The documented afforestation is one of a few examples of afforestation trials which succeeded. Today there is a forest where young pines are growing naturally ("children" of the planted ones), but also resprouter species (e.g. Quercus) can be found, which regenerated without having been planted and apparently were dispersed by birds.
But there are also some problems related to this afforestation. The forest agent explained that there is a high pest risk since monoplantations are less resilient to diseases (sick or dead plants in turn increase the fire risk). Another problem is that the trees were planted too densely (800-1000 plants per ha with a spacing of 5-10m) which requires recurrent management of the forest. Knowing about this problem, around the year 2003 they managed the area doing a selective clearing to reduce both the continuity and the competition between the species and thus also reduced the fire risk (“ayuda regeneración”). But the forest has become extremely dense again, thus increasing the risk of fires. There is a need to manage this area again and to extract biomass (selective clearing), but unfortunately no management project is planned for the near future.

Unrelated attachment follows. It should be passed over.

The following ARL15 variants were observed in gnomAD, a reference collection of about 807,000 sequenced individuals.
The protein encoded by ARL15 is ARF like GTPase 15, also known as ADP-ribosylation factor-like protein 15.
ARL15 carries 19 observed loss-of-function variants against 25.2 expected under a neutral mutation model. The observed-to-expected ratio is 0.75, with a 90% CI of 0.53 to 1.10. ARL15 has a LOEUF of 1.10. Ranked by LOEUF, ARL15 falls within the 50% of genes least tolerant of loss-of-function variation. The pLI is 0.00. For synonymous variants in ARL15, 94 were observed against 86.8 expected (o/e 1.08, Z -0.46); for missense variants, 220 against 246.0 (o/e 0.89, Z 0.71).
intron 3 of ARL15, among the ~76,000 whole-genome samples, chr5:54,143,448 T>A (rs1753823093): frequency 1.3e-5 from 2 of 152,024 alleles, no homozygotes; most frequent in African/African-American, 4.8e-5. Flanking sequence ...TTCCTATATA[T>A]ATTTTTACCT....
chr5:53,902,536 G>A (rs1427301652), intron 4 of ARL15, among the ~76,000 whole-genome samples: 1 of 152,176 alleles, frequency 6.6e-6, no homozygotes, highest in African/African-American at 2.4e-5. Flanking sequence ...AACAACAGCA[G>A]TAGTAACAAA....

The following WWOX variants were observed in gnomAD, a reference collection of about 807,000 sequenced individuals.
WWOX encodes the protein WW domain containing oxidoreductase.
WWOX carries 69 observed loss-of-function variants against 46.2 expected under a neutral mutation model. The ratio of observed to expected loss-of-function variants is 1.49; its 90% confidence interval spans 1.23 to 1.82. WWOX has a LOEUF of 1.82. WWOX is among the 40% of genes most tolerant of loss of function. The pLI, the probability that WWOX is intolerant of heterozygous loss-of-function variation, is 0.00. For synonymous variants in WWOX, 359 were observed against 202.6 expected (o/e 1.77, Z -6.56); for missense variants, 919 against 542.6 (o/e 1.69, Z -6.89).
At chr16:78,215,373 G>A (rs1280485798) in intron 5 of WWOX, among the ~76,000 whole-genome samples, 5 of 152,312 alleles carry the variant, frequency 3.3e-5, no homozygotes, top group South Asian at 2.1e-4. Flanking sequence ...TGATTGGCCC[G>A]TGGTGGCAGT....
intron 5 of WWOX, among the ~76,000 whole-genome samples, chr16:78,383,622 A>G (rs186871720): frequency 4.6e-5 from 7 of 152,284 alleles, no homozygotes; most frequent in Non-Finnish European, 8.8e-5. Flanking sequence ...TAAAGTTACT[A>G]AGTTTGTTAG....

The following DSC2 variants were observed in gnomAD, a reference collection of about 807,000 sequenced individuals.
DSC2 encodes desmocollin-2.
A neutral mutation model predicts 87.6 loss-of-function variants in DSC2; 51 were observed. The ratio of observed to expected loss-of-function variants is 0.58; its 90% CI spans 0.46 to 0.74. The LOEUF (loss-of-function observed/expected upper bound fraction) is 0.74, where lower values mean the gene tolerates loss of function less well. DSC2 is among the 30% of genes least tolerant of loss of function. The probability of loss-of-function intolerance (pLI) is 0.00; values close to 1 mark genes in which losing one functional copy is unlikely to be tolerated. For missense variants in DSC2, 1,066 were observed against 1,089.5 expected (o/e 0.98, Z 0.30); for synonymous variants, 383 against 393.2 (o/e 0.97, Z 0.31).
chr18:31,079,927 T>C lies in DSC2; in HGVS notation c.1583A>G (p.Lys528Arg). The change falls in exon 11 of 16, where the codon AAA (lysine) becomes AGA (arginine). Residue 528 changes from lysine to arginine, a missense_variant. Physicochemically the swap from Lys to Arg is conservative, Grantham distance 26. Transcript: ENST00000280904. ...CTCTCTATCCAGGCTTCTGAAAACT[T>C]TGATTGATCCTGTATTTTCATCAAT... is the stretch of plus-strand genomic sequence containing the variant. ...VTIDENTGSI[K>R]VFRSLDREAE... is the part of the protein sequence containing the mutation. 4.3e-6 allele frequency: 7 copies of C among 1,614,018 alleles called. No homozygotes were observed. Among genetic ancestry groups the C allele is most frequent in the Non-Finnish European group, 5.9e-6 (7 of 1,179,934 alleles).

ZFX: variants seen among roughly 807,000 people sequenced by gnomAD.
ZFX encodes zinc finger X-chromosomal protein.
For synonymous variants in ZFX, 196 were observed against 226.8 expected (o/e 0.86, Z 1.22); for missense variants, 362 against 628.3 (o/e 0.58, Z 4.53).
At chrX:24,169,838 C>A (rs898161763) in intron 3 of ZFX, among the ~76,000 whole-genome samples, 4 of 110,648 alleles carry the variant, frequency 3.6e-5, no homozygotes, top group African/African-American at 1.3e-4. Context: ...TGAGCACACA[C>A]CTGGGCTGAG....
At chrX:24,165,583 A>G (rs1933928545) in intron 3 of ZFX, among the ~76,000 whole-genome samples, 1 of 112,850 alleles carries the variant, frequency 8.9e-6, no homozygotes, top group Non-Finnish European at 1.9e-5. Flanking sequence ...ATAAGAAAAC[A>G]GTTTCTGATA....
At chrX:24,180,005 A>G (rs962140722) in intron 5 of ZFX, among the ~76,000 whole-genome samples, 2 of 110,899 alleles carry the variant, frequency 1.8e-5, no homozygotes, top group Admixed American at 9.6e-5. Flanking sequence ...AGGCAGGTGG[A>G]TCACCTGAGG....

The region of Ayora is mountainous with a dry subhumid climate (~380 mm annual rainfall). The risk of fire incidence is at its highest from June to September when there are adverse conditions like drought, high temperatures and strong winds (mainly the winds coming from central Spain, called “poniente”).
The population density is very low and there are only few job opportunities (e.g. marginal agriculture, grazing, hunting, beekeeping). The plantation provided jobs for rural people. Also today forest management could be a source for jobs.

2.3 Photos of the Technology

2.5 Country/ region/ locations where the Technology has been applied and which are covered by this assessment

Country:

Spain

Region/ State/ Province:

Spain, Valencia

Further specification of location:

Ayora, La Molinera

Specify the spread of the Technology:
  • evenly spread over an area
If precise area is not known, indicate approximate area covered:
  • 0.1-1 km2
Comments: